How to tell stories, with Nal'ibali

It is always easiest to start telling the stories you know well.
It is always easiest to start telling the stories you know well.

Teaching your children to read and to love reading is a valuable investment in their education.

This series of family-literacy articles is provided by the Nal’ibali reading-for-enjoyment campaign to support caregivers during and after the national lockdown.

Telling stories is rewarding and fun! It allows children to experience the spoken word, instilling in them great communications skills and a love of reading. It also a wonderfully relaxed and enjoyable way for caregivers and children to bond and get to know each other. 

If you grew up with adults who told you stories, then you might remember the thrill of being completely swept up in a story, imagining what would happen next, and letting your mind run wild with imagination.

If you didn’t, the good news is that telling stories with your children is easier than you think.

The only requirement is a real interest in their well-being, development and happiness!

If you would like to give storytelling a try, why not follow some of these useful tips: 

Getting started

It is always easiest to start telling the stories you know well.

These could be the stories that were told to you as a child, or ones that you have enjoyed reading or hearing over the years. 

Think about your listeners

Choose a story that will interest your listeners and be appropriate for their ages. For example, you wouldn’t tell a ghost story to three-year olds, but teenagers might enjoy it.

Young children love stories about themselves and about you when you were young, especially ones that are funny or about you being naughty.

Feel free to embellish – never let the whole truth get in the way of a good story!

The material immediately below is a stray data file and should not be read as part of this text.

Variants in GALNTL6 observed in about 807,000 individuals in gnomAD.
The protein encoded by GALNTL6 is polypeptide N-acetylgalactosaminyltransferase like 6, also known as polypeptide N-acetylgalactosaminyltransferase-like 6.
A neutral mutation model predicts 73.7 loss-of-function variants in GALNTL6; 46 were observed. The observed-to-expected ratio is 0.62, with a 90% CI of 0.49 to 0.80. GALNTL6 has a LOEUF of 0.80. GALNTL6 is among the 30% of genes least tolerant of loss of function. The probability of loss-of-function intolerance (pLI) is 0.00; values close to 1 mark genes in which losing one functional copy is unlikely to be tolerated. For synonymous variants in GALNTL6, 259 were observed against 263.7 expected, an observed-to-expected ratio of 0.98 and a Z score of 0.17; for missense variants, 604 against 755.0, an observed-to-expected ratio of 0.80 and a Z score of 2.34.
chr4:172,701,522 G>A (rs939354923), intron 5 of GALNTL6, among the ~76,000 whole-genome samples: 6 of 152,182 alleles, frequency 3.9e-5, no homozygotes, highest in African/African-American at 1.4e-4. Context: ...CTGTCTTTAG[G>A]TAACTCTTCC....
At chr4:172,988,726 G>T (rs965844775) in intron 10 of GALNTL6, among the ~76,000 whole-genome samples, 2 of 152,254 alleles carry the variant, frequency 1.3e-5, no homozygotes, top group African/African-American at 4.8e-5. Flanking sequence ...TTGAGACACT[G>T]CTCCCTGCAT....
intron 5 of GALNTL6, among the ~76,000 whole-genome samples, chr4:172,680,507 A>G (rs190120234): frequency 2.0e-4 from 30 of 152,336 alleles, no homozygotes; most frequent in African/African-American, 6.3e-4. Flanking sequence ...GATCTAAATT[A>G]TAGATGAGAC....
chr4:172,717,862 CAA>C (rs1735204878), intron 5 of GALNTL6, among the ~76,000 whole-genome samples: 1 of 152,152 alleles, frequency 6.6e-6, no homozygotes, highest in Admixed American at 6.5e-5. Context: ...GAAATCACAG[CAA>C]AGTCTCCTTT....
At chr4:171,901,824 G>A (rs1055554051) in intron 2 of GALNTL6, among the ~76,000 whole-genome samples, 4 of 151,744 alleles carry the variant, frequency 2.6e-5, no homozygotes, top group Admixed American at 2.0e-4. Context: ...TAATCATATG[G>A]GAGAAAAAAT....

Paint a picture

Help to create a sense of wonder and pictures in the minds of your listeners by using:

- interesting and expressive words

- questions that invite your listeners to join in, for example, ‘And what do you think happened next?’

- gestures, for example, reaching up to show how tall a tree or giant is

- facial expressions, like smiling to show how happy a character was

- expression in your voice: you can give different characters, different voices such as a soft, squeaky voice for a mouse and a big, booming voice for a giant.

- eye contact with your listeners – don’t be shy, look them in the eye!


If you are telling a story to a group, practise in advance. The best place to practice is in front of a mirror. 

Fresh and interesting 

Keep storytelling exciting for yourself by finding new stories to tell - look in books or online. You can also translate and adapt stories that may only be available in one language.

For more information about the Nal’ibali campaign, or to access children’s stories in a range of South African languages, visit

You can also sign up for free reading-for-enjoyment training though Nal’ibali’s FUNda Sonke loyalty programme at

Find more beautiful local stories here

Stay tuned for more, and sign up to our newsletter to be notified of new bedtime stories for kids:

Sign up for Parent24's newsletters.

We live in a world where facts and fiction get blurred
In times of uncertainty you need journalism you can trust. For 14 free days, you can have access to a world of in-depth analyses, investigative journalism, top opinions and a range of features. Journalism strengthens democracy. Invest in the future today. Thereafter you will be billed R75 per month. You can cancel anytime and if you cancel within 14 days you won't be billed. 
Subscribe to News24
Voting Booth
Should the red carpet portion of SONA be scrapped this year?
Please select an option Oops! Something went wrong, please try again later.
Yes, it's inappropriate given the state of the country
93% - 3513 votes
No, it's part of the tradition
7% - 258 votes
Rand - Dollar
Rand - Pound
Rand - Euro
Rand - Aus dollar
Rand - Yen
Brent Crude
Top 40
All Share
Resource 10
Industrial 25
Financial 15
All JSE data delayed by at least 15 minutes Iress logo
Editorial feedback and complaints

Contact the public editor with feedback for our journalists, complaints, queries or suggestions about articles on News24.